The growth of the wine business in India


On a very hot February morning, Todd and I headed north of town to join an ex-pat excursion to Grover Vineyard  , a winery trying to establish itself as one of the elite in India.  Grover started with a search for the climate that would yield the best grape production. The Kashmir region took first place, but given the extreme political unrest up north, the second choice region became the preferred area–Bangalore.

The 40 of us were greeted at the beginning of our tour with jasmine garlands. Very fragrant. Often these gardens are placed in women’s hair. The scent was overpowering for many in the heat and folks wrapped them on their arms or on purses to move them away from their faces. I thought it smelled heavenly.


The Grover vineyard only started tours three months ago, and after I realized that I really thought they did a great job. We started out in the fields where a man described the growing process. They have vines grown the Indian way and the European way. The European vines and climate reminded me very much of Napa.

Every step of the touring process emphasized that Grover was doing everything just like the French do. They have a French person in charge of the entire process, they import their barrels and grapes from France, and so on. As I teach in my policy classes, mimicry is the way a new company in a new place gains legitimacy. It is interesting how little I hear Napa folks comparing their production to France. It is almost in the U.S. like there is an explicit attempt not to try to compare to France in Napa but instead to establish the value of U.S. wine in its own right. I most remember comparisons in which the U.S. winemakers showed the medals that they won over french wins.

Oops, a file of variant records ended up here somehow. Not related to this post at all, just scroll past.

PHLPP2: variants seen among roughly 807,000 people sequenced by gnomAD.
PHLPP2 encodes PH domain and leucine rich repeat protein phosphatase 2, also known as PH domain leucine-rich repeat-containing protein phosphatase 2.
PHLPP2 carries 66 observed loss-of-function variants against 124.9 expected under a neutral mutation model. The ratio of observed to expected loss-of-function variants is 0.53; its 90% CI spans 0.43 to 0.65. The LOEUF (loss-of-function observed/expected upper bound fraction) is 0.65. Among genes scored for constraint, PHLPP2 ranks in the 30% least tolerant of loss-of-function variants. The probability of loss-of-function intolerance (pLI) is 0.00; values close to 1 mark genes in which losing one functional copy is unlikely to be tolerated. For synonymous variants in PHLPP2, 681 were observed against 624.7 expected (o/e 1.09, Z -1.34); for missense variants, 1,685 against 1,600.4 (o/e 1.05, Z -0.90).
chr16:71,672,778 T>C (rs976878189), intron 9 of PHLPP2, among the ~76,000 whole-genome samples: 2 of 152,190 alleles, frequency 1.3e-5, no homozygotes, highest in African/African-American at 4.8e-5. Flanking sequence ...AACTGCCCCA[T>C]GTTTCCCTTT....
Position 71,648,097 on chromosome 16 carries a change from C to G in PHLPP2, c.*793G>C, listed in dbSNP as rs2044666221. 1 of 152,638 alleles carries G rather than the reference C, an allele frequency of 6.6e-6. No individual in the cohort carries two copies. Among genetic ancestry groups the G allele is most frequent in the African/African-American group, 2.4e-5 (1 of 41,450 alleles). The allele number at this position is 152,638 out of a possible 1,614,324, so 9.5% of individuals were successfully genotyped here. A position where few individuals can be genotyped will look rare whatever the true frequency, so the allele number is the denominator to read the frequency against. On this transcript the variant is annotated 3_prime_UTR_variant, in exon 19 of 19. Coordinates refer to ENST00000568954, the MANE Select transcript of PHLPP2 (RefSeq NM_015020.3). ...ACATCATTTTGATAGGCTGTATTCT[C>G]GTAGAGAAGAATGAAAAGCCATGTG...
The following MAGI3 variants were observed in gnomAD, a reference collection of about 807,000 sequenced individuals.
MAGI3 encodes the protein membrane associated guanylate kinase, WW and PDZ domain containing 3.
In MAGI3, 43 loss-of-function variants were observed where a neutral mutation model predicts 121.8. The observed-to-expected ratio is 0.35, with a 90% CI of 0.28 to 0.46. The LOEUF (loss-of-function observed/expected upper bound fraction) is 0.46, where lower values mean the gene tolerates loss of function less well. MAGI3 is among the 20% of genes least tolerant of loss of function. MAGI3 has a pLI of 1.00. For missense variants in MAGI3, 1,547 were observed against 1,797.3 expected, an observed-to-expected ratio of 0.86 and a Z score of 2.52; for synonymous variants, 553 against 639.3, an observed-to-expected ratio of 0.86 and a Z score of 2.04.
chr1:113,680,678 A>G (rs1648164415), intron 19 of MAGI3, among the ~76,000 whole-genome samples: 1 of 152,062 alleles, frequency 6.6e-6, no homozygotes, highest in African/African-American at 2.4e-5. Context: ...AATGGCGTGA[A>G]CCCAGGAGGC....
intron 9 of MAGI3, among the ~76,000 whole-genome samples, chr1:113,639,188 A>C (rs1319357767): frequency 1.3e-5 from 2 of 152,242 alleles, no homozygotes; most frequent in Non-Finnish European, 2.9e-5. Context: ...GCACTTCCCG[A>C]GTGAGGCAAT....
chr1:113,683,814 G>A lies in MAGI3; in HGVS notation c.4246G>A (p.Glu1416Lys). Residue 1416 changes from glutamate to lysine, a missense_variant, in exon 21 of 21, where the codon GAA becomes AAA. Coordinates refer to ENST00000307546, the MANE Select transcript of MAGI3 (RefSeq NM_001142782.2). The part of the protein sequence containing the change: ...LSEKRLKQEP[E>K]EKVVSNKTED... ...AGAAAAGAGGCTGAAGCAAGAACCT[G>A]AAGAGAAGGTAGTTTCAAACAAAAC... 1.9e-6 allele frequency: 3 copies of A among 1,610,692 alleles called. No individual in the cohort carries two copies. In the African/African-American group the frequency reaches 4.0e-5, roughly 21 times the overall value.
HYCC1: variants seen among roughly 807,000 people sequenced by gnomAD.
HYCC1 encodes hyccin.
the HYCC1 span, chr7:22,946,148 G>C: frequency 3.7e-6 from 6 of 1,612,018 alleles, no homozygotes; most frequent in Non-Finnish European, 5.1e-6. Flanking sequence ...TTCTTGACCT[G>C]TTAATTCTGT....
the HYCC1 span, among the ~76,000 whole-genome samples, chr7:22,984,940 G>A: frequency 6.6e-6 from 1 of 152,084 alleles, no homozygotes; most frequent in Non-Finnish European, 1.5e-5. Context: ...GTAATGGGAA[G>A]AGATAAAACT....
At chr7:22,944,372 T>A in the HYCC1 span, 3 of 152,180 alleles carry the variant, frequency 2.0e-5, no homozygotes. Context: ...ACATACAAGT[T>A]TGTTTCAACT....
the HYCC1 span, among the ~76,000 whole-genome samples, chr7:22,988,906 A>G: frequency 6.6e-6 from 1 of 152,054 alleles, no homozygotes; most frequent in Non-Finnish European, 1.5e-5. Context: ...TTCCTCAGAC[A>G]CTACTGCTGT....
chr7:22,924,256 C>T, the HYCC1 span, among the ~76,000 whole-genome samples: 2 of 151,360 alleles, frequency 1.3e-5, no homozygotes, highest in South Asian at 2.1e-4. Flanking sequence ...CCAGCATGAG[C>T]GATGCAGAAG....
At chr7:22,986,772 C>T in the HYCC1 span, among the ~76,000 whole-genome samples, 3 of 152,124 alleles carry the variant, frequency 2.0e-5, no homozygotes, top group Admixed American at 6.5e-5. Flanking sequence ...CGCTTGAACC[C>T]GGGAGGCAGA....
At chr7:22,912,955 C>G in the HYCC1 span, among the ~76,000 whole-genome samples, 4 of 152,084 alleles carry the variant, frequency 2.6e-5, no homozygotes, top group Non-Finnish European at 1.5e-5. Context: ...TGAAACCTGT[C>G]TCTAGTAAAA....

After touring the fields and the production facilities we were finally taken to the tasting room. Sitting down with some wine put a smile on our faces. We are pictured here with my new friend Priya. She lived in the States for 17 years (including Illinois and Boston) before deciding to move back to India with her family. I am learning a lot from her about the struggles and successes of returning back to India. For her kids, it is not returning, but moving to an entirely new place–not so easy, and especially not so easy to learn how to fit in to a very different schooling structure. Priya has kiddos the same age and gender as ours, so we are hoping to plan to get the families together soon.


Most of the wines were just okay, and some were actually quite awful. We sat with a fun group of Brits and one lady exclaimed after a red, “it smells like old leather shoes.” But thankfully our opinions changed after we had the last wine, La Reserve. A delicious blend of cab sav and syrah. So delicious that I bought a bottle to bring home to share with my monthly wine group.


After tasting perhaps too much wine, we had a lovely biryani lunch outside, with even more wine. Ducks floated about in the pond and monkeys climbed overhead!


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